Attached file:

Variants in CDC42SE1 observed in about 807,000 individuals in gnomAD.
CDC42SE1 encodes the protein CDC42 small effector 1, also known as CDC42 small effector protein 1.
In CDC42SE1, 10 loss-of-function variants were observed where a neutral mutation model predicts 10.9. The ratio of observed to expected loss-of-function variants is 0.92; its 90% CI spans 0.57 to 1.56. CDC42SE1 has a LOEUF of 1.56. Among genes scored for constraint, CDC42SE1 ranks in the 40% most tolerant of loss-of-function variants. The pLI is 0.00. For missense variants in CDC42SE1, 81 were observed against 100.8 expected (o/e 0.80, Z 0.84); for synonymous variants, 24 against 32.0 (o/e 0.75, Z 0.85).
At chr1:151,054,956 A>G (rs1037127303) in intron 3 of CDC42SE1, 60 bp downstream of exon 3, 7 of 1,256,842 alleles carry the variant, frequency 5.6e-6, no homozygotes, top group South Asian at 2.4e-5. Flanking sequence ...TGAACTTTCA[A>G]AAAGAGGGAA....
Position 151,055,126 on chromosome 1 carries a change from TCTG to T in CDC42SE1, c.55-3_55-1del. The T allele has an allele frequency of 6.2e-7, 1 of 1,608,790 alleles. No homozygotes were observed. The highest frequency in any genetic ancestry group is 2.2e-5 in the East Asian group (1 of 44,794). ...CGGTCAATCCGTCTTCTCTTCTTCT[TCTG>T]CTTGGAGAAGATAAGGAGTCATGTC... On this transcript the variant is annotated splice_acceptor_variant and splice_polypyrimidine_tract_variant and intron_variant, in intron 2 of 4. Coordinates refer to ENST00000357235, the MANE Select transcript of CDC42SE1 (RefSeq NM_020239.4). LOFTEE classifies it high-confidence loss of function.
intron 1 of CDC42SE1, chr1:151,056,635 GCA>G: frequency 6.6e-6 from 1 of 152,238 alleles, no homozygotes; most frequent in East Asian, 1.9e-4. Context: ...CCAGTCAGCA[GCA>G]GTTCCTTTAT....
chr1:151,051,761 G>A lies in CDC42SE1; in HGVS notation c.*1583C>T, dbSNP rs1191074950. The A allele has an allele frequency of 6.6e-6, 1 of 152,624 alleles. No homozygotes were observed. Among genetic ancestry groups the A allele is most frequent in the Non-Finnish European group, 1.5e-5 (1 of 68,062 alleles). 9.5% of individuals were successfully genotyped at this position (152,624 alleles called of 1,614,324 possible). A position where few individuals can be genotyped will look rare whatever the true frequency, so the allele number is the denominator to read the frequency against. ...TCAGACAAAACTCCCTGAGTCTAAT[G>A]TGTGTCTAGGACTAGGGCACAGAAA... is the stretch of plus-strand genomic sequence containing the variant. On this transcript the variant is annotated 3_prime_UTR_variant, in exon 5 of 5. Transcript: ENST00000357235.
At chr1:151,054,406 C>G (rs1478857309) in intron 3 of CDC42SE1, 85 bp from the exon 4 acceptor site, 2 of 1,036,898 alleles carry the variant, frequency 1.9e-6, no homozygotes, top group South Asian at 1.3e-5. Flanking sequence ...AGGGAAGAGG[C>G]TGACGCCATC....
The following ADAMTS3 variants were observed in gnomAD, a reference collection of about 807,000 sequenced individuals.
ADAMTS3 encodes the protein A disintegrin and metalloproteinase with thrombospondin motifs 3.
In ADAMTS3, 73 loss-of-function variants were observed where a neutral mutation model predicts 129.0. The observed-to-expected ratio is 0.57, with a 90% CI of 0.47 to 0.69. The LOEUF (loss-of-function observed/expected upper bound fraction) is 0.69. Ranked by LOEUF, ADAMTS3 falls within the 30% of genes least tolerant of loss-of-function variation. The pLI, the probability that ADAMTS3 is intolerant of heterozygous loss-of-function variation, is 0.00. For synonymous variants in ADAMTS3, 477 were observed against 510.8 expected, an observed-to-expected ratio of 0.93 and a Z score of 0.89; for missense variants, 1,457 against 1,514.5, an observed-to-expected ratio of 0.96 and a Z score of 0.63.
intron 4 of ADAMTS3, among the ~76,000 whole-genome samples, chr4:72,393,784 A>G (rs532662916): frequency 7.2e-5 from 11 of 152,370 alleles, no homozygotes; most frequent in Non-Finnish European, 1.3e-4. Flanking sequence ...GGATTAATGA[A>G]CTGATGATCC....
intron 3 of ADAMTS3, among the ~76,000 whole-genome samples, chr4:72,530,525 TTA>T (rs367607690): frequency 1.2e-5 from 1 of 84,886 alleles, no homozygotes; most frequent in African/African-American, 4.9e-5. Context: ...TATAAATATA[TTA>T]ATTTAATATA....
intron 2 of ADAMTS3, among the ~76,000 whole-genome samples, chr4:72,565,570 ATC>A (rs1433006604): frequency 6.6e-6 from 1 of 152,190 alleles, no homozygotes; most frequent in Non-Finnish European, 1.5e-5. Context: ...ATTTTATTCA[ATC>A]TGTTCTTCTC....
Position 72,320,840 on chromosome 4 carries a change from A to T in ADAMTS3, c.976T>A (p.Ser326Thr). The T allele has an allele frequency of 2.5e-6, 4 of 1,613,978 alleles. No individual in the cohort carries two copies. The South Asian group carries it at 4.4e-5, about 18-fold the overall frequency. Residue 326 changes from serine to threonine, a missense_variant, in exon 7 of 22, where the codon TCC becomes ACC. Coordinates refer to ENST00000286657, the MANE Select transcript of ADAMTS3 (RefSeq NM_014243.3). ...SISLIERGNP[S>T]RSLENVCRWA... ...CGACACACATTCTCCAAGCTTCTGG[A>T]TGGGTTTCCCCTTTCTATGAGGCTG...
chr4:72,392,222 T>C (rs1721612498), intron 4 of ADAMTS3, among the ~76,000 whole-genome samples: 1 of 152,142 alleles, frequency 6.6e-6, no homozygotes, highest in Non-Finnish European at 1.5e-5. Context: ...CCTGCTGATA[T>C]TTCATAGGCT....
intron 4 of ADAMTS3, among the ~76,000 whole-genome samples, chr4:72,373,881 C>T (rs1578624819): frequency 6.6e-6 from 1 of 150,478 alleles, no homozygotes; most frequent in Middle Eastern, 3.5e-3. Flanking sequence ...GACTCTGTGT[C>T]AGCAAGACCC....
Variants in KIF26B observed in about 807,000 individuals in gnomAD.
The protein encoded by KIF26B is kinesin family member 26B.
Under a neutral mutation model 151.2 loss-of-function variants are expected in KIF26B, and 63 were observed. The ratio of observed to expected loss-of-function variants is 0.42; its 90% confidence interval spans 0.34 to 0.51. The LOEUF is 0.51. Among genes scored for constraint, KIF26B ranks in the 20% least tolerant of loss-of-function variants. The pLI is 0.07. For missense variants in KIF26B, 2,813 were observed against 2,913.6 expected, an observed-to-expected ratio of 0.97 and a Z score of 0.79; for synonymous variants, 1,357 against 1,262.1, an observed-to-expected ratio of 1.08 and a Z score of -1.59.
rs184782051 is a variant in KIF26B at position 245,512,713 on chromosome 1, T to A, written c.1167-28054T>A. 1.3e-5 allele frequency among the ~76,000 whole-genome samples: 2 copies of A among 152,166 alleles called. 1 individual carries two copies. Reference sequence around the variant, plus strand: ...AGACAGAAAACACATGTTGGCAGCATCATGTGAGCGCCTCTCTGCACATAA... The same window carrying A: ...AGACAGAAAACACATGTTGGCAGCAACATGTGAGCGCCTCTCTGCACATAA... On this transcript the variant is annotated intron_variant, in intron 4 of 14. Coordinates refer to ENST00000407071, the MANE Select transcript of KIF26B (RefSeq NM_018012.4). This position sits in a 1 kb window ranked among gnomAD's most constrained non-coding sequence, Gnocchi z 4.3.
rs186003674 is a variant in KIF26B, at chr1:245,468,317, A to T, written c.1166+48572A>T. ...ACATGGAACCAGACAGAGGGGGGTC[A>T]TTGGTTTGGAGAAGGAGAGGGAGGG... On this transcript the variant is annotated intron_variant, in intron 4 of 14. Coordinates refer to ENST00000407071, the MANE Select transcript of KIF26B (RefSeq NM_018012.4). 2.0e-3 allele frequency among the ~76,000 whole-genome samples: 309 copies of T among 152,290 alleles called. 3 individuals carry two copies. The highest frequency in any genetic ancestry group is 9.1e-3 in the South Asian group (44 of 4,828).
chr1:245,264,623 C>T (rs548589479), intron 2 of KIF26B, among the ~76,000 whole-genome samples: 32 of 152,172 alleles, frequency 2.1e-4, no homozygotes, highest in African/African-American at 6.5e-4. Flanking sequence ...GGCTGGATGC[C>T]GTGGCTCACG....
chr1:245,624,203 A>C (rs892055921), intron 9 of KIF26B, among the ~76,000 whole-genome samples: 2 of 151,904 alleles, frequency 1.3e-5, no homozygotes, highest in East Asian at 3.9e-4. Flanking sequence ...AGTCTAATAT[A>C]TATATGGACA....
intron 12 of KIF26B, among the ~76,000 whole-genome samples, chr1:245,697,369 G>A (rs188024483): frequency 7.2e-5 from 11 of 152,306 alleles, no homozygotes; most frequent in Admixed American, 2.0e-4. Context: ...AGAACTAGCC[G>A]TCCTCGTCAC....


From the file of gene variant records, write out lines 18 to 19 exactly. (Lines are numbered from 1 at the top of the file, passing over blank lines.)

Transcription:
Variants in KIF26B observed in about 807,000 individuals in gnomAD.
The protein encoded by KIF26B is kinesin family member 26B.